Swift is the first musician to make the ranks solely based on her songs and performances.
Her fortune includes more than $500 million in estimated wealth amassed from royalties and touring, plus a music catalog worth $500 million and some $125 million in real estate.
In 2021, Swift began releasing re-records of her first six albums in order to regain their ownership rights.
Demand for tickets to her 2023 Eras Tour overwhelmed Ticketmaster, prompting members of Congress to question the company's hold on concert sales.
On October 22, 2022, Giorgia Meloni took office as Italy's prime minister, becoming the first woman in history to hold the role.
Meloni is also the president of Italy's right-wing Brothers of Italy party. She assumed that office in March 2014.
At 15, she joined the youth wing of the Italian Social Movement, a party that was founded by supporters of former Italian dictator Benito Mussolini and which has been described as "neo-fascist."
"Yes to natural families, no to the LGBT lobby, yes to sexual identity, no to gender ideology," she said in a June 2022 speech, leading to fear that her election will erode women's and LGBTQ rights.
In November of 2023, she backed a constitutional reform proposal that would allow for the direct election of the prime minister. She called it an effort to reduce Italy's political instability.
On January 20, 2021, Harris became the first woman, the first Black person, and the first South Asian-American to become U.S. vice president.
She's no stranger to firsts: In 2016, Harris was the first Indian-American woman to be elected to the United States Senate.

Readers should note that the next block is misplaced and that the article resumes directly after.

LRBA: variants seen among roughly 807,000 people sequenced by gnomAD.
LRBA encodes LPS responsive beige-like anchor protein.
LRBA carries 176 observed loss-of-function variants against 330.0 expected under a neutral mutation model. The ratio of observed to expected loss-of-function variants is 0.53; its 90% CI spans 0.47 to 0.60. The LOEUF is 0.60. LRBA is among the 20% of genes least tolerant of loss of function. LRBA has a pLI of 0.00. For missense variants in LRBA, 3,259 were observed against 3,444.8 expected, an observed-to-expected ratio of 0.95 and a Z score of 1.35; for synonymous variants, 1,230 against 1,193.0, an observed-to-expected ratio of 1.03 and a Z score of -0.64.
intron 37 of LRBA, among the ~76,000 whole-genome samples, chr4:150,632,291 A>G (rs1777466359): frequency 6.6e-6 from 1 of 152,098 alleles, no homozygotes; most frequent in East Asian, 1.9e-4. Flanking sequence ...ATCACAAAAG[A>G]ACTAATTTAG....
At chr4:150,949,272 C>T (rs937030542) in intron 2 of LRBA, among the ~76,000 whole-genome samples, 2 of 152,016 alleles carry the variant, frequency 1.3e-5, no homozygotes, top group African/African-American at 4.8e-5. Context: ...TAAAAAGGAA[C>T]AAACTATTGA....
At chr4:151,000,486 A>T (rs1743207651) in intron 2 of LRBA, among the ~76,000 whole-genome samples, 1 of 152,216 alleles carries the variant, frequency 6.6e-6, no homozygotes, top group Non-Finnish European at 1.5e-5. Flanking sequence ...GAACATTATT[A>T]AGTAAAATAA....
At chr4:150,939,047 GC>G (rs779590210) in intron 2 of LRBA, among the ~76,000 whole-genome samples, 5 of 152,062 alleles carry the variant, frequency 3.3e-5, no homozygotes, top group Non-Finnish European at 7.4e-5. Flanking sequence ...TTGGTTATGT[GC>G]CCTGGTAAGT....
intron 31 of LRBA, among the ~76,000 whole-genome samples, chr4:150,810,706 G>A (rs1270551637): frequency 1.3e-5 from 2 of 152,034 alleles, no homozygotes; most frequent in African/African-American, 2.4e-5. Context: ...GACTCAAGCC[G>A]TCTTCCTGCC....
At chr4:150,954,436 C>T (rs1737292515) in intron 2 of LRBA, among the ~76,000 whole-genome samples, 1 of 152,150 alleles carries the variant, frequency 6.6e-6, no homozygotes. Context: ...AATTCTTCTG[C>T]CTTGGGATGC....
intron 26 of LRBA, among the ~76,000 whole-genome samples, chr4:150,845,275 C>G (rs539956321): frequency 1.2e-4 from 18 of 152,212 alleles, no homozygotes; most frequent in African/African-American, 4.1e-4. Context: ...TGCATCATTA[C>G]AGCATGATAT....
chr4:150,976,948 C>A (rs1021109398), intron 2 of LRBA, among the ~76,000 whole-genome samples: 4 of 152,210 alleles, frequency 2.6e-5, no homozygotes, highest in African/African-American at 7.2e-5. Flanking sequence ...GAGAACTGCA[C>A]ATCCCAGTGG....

And in 2010, Harris became the first African-American and first woman to serve as California's attorney general.
Harris is a California native; she was born in Oakland to immigrant parents (her mom was from India and her dad was from Jamaica).
As a Howard University alumna, Harris is the first graduate of a historically Black college or university to hold the vice presidency.
President, European Central Bank
Lagarde became the first woman to head the European Central Bank on November 1, 2019.
As head of European monetary policy, Lagarde faces a critical test: ensuring economic growth in a high-inflation environment.
From 2011 until mid-2019, Lagarde ran the International Monetary Fund that works to ensure the stability of the global monetary system.
She was the first woman to hold that position.
In analyzing the 2008 financial crisis, Lagarde has pointed to "groupthink" in the male-dominated industry and called for gender reform.
President, European Commission, European Union
Ursula von der Leyen was appointed president of the European Commission, the executive branch of the European Union, in July 2019.
She is the first woman to serve in the role, which is responsible for legislation affecting more than 450 million Europeans.
From 2005 until 2019, von der Leyen served in Angela Merkel's cabinet--the longest tenure of any cabinet member.
For the last six years of her time in the cabinet, she was Germany's defense minister.
She spearheaded a 750 billion euro Covid relief bill in 2020 and, in 2022, became one of the West's staunchest supporters of Ukraine amid Russia's unprovoked invasion.